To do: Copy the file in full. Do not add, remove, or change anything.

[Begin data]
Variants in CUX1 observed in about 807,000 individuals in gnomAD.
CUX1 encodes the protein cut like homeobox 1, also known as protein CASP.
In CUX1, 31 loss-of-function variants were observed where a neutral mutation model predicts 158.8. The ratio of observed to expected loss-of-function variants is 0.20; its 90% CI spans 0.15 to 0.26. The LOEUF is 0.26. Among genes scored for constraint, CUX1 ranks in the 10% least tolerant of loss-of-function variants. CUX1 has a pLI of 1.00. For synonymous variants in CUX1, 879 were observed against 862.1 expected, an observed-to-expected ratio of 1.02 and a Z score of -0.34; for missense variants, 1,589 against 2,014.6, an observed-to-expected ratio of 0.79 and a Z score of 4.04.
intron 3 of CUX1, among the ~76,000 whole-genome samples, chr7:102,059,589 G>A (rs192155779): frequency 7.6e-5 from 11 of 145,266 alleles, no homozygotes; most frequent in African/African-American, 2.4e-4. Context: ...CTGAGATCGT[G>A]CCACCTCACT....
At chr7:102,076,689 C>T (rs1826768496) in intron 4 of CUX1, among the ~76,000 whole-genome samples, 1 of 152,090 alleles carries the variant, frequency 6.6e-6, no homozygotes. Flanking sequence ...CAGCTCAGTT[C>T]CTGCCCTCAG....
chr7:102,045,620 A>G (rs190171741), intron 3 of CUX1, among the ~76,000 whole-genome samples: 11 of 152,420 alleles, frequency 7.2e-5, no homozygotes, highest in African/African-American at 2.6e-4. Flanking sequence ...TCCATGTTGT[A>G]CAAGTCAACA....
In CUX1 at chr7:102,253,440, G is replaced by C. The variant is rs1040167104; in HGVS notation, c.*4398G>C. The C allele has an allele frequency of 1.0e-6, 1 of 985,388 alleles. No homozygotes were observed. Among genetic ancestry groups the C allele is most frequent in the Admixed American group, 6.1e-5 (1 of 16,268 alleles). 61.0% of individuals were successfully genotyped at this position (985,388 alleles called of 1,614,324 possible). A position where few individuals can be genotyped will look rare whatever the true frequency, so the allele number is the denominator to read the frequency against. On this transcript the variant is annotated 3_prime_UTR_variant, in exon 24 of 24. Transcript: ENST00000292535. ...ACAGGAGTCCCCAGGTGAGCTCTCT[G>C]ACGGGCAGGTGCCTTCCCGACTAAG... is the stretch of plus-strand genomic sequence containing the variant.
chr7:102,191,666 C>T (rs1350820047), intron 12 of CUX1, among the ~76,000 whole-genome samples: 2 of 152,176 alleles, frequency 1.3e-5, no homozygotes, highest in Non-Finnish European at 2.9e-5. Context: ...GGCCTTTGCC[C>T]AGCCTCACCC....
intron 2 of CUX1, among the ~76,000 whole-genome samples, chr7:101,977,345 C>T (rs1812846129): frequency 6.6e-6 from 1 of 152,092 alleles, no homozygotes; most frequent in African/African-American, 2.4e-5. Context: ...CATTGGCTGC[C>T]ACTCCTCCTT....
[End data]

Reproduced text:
Variants in CUX1 observed in about 807,000 individuals in gnomAD.
CUX1 encodes the protein cut like homeobox 1, also known as protein CASP.
In CUX1, 31 loss-of-function variants were observed where a neutral mutation model predicts 158.8. The ratio of observed to expected loss-of-function variants is 0.20; its 90% CI spans 0.15 to 0.26. The LOEUF is 0.26. Among genes scored for constraint, CUX1 ranks in the 10% least tolerant of loss-of-function variants. CUX1 has a pLI of 1.00. For synonymous variants in CUX1, 879 were observed against 862.1 expected, an observed-to-expected ratio of 1.02 and a Z score of -0.34; for missense variants, 1,589 against 2,014.6, an observed-to-expected ratio of 0.79 and a Z score of 4.04.
intron 3 of CUX1, among the ~76,000 whole-genome samples, chr7:102,059,589 G>A (rs192155779): frequency 7.6e-5 from 11 of 145,266 alleles, no homozygotes; most frequent in African/African-American, 2.4e-4. Context: ...CTGAGATCGT[G>A]CCACCTCACT....
At chr7:102,076,689 C>T (rs1826768496) in intron 4 of CUX1, among the ~76,000 whole-genome samples, 1 of 152,090 alleles carries the variant, frequency 6.6e-6, no homozygotes. Flanking sequence ...CAGCTCAGTT[C>T]CTGCCCTCAG....
chr7:102,045,620 A>G (rs190171741), intron 3 of CUX1, among the ~76,000 whole-genome samples: 11 of 152,420 alleles, frequency 7.2e-5, no homozygotes, highest in African/African-American at 2.6e-4. Flanking sequence ...TCCATGTTGT[A>G]CAAGTCAACA....
In CUX1 at chr7:102,253,440, G is replaced by C. The variant is rs1040167104; in HGVS notation, c.*4398G>C. The C allele has an allele frequency of 1.0e-6, 1 of 985,388 alleles. No homozygotes were observed. Among genetic ancestry groups the C allele is most frequent in the Admixed American group, 6.1e-5 (1 of 16,268 alleles). 61.0% of individuals were successfully genotyped at this position (985,388 alleles called of 1,614,324 possible). A position where few individuals can be genotyped will look rare whatever the true frequency, so the allele number is the denominator to read the frequency against. On this transcript the variant is annotated 3_prime_UTR_variant, in exon 24 of 24. Transcript: ENST00000292535. ...ACAGGAGTCCCCAGGTGAGCTCTCT[G>C]ACGGGCAGGTGCCTTCCCGACTAAG... is the stretch of plus-strand genomic sequence containing the variant.
chr7:102,191,666 C>T (rs1350820047), intron 12 of CUX1, among the ~76,000 whole-genome samples: 2 of 152,176 alleles, frequency 1.3e-5, no homozygotes, highest in Non-Finnish European at 2.9e-5. Context: ...GGCCTTTGCC[C>T]AGCCTCACCC....
intron 2 of CUX1, among the ~76,000 whole-genome samples, chr7:101,977,345 C>T (rs1812846129): frequency 6.6e-6 from 1 of 152,092 alleles, no homozygotes; most frequent in African/African-American, 2.4e-5. Context: ...CATTGGCTGC[C>T]ACTCCTCCTT....